This week we spoke with our good mate, local Yamba Doctor, Eric Davey about the current COVID-19 situation in our home town.
Wow, i bet in little old Yamba you didn’t think you would ever be faced with something like covid-19.
IC: How are you coping?
Doc: No, I would have expected something like that working in Africa! But, having a Tropical Medicine background, every-time i hear about a new breakout I worry, is it going to be “the one?” So far things have been ok here. We’re not seeing more patients, actually less, but the busy workload has increased. Seems like it takes forever to get anything done now. All the phone calls, and trying to stay up to date. It’s just a hectic atmosphere. My stress levels seem to fluctuate with the amount of news I read.
IC: Locally do you think people are taking the situation and warnings seriously?
Doc: Most people seem to have a pretty good awareness. I still see groups chatting in the streets though. I blame the media. They insist on reporting positive test numbers even though everyone knows that there are plenty of people out there who just haven’t been tested. If we had a better estimate of how many cases were actually roaming around Yamba, we’d all be more careful.
IC: Is Yamba prepared for what could potentially happen, as we have seen overseas, through the media?
Doc: I think so. With the number of basic essentials produced in Australia, we’ll never run out of supplies (only one of the reasons hoarding is so ridiculous). And our population density is low enough that even if it does get intense, people can still duck out for a breath of fresh air without bumping into anyone else. Grafton and Lismore hospitals have already expanded their capability so they’ll be able to handle the surge as long as we keep the curve flattened.
IC: As a tourist town, who relies on tourists, do you agree with stopping tourists coming or asking ones that are here to go back to their own communities?
Doc: Yes, for now, we need to stop all movement. This is going to last a few weeks at least so folks are better off riding it out at home. It will be tough financially, but you can revive economies, you cant revive dead people.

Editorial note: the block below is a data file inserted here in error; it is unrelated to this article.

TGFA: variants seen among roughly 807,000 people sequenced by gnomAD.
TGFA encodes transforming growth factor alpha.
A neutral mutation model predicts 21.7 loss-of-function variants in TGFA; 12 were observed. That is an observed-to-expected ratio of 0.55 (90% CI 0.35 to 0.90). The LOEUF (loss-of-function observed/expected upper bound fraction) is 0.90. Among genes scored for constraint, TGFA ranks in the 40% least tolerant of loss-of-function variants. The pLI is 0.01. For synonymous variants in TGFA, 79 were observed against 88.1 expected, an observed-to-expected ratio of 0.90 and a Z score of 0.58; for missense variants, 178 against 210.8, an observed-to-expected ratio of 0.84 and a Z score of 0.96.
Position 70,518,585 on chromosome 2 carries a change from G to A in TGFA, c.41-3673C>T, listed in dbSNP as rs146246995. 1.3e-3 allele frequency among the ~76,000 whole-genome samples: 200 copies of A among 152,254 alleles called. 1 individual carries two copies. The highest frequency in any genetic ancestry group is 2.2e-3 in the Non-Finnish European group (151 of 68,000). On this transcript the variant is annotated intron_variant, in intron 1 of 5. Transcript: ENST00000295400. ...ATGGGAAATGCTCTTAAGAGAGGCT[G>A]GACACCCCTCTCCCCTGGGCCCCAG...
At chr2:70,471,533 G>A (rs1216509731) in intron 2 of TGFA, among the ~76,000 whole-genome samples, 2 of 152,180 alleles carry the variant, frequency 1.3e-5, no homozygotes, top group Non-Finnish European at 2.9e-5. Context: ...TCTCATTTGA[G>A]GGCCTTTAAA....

IC: Anything else you think Yamba locals should be aware of with COVID-19?
Doc: It’s scary stuff, but you don’t have to be afraid. You won’t catch it if you stay 2 metres away from everyone and if you touch anything to wash your hands. Just be conscientious and you will be fine.
IC: In your career have you ever experienced something like this? If so where and what?
Doc: No, we were always on the lookout for Lassa Fever and Ebola outbreaks in Liberia, but it never happened. Working in New Orleans after Hurricane Katrina was intense, but that was due to lack of resources, not really anything to do with disease.
IC: Are medical staff in Australia getting enough support from the government and also from the general public?
Doc: It changes daily and I think the government has done an amazing job. The transition to supporting tele-health has been fantastic. It’s only in the logistics of getting enough proper PPE (personal protective equipment) that they’ve struggled. But they’re trying.
IC: After all of this is over, where are you planning to escape too?
Doc: I would love to go to Nicaragua. Tasty food, warm water and great surf! Vaminos!!
IC: That sounds awesome, we are coming too!
Thanks so much, Eric for the taking the time (we know you are so busy) to inform and educate us about COVID-19 and how it affecting us locally. From all of us, we can’t thank you and all the other health care workers, enough for all the work you are doing on the front-line. See you on the other side….
A little extra on the Doc- With a bio like this, we are stoked to have his wealth of knowledge and experience in our small town. Eric was born in Dallas, Texas but moved a lot with his family (his dad was a doctor with US Air Force) He graduated from Medical School in San Antonio, Texas in 2001 before Settling in Ventura, California. Here’s just some of the places in the world has he worked….Mexico, Morocco (in the peace corps), Chad and Liberia (Africa), Northern Queensland and New Orleans (after Hurricane Katrina) In July 2012 he moved to Yamba with his midwife/nurse wife, Susan and their two girls. Will the adventure ever stop, last year the family took off for the year travelling around Australia. At the moment we are just glad he is calling Yamba home…But we are sure this story will continue. Where too next Doc…
Image #1: Playing Santa for Angourie boardriders
Image #2: On our way to Morocco September 2018
Video: Dancing Dr Eric in the Medina